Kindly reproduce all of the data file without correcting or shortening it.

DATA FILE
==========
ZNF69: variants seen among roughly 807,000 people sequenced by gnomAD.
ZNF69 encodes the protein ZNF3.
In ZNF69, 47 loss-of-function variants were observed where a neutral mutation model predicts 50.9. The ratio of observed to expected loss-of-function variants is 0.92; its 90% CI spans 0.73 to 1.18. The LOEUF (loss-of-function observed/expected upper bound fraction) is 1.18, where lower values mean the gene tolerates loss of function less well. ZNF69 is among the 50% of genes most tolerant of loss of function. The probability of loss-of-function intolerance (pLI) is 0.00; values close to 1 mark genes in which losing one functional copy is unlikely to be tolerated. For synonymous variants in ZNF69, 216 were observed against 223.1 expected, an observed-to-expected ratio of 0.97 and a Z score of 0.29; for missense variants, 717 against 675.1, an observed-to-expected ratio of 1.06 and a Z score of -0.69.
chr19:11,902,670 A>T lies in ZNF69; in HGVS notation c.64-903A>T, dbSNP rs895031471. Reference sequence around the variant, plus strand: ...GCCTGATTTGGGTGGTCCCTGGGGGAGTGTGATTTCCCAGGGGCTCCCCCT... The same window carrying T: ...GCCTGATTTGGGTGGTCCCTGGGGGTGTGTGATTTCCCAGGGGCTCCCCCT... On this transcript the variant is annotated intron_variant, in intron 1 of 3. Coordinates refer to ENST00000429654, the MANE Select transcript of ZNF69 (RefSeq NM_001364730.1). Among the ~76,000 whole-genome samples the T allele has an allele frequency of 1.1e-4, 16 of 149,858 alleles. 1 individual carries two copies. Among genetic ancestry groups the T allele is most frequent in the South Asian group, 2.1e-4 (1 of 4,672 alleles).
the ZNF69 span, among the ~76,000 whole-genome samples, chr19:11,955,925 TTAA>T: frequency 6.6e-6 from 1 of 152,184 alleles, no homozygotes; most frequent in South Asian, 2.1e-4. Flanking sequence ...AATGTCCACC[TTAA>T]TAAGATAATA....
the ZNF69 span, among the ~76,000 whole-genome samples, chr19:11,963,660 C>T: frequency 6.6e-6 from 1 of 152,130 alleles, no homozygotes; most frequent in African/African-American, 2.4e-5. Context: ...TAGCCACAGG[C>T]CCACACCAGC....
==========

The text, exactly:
ZNF69: variants seen among roughly 807,000 people sequenced by gnomAD.
ZNF69 encodes the protein ZNF3.
In ZNF69, 47 loss-of-function variants were observed where a neutral mutation model predicts 50.9. The ratio of observed to expected loss-of-function variants is 0.92; its 90% CI spans 0.73 to 1.18. The LOEUF (loss-of-function observed/expected upper bound fraction) is 1.18, where lower values mean the gene tolerates loss of function less well. ZNF69 is among the 50% of genes most tolerant of loss of function. The probability of loss-of-function intolerance (pLI) is 0.00; values close to 1 mark genes in which losing one functional copy is unlikely to be tolerated. For synonymous variants in ZNF69, 216 were observed against 223.1 expected, an observed-to-expected ratio of 0.97 and a Z score of 0.29; for missense variants, 717 against 675.1, an observed-to-expected ratio of 1.06 and a Z score of -0.69.
chr19:11,902,670 A>T lies in ZNF69; in HGVS notation c.64-903A>T, dbSNP rs895031471. Reference sequence around the variant, plus strand: ...GCCTGATTTGGGTGGTCCCTGGGGGAGTGTGATTTCCCAGGGGCTCCCCCT... The same window carrying T: ...GCCTGATTTGGGTGGTCCCTGGGGGTGTGTGATTTCCCAGGGGCTCCCCCT... On this transcript the variant is annotated intron_variant, in intron 1 of 3. Coordinates refer to ENST00000429654, the MANE Select transcript of ZNF69 (RefSeq NM_001364730.1). Among the ~76,000 whole-genome samples the T allele has an allele frequency of 1.1e-4, 16 of 149,858 alleles. 1 individual carries two copies. Among genetic ancestry groups the T allele is most frequent in the South Asian group, 2.1e-4 (1 of 4,672 alleles).
the ZNF69 span, among the ~76,000 whole-genome samples, chr19:11,955,925 TTAA>T: frequency 6.6e-6 from 1 of 152,184 alleles, no homozygotes; most frequent in South Asian, 2.1e-4. Flanking sequence ...AATGTCCACC[TTAA>T]TAAGATAATA....
the ZNF69 span, among the ~76,000 whole-genome samples, chr19:11,963,660 C>T: frequency 6.6e-6 from 1 of 152,130 alleles, no homozygotes; most frequent in African/African-American, 2.4e-5. Context: ...TAGCCACAGG[C>T]CCACACCAGC....